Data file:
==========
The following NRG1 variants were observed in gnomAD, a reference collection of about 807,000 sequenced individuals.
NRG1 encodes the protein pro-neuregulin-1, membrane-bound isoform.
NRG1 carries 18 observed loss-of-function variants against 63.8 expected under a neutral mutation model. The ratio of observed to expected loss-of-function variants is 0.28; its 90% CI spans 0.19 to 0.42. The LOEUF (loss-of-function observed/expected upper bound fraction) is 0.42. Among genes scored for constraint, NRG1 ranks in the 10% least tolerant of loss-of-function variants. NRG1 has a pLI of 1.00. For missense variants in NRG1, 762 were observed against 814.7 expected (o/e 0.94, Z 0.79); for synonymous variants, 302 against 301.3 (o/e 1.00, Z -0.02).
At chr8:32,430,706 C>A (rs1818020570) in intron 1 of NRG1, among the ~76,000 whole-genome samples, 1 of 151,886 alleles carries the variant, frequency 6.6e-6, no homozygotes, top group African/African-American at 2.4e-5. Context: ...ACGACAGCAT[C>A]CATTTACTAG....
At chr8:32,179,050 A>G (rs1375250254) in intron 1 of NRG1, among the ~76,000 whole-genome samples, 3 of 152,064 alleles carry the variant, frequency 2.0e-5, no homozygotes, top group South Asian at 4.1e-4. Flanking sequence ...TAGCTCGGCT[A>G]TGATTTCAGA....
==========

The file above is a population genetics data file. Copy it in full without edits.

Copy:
The following NRG1 variants were observed in gnomAD, a reference collection of about 807,000 sequenced individuals.
NRG1 encodes the protein pro-neuregulin-1, membrane-bound isoform.
NRG1 carries 18 observed loss-of-function variants against 63.8 expected under a neutral mutation model. The ratio of observed to expected loss-of-function variants is 0.28; its 90% CI spans 0.19 to 0.42. The LOEUF (loss-of-function observed/expected upper bound fraction) is 0.42. Among genes scored for constraint, NRG1 ranks in the 10% least tolerant of loss-of-function variants. NRG1 has a pLI of 1.00. For missense variants in NRG1, 762 were observed against 814.7 expected (o/e 0.94, Z 0.79); for synonymous variants, 302 against 301.3 (o/e 1.00, Z -0.02).
At chr8:32,430,706 C>A (rs1818020570) in intron 1 of NRG1, among the ~76,000 whole-genome samples, 1 of 151,886 alleles carries the variant, frequency 6.6e-6, no homozygotes, top group African/African-American at 2.4e-5. Context: ...ACGACAGCAT[C>A]CATTTACTAG....
At chr8:32,179,050 A>G (rs1375250254) in intron 1 of NRG1, among the ~76,000 whole-genome samples, 3 of 152,064 alleles carry the variant, frequency 2.0e-5, no homozygotes, top group South Asian at 4.1e-4. Flanking sequence ...TAGCTCGGCT[A>G]TGATTTCAGA....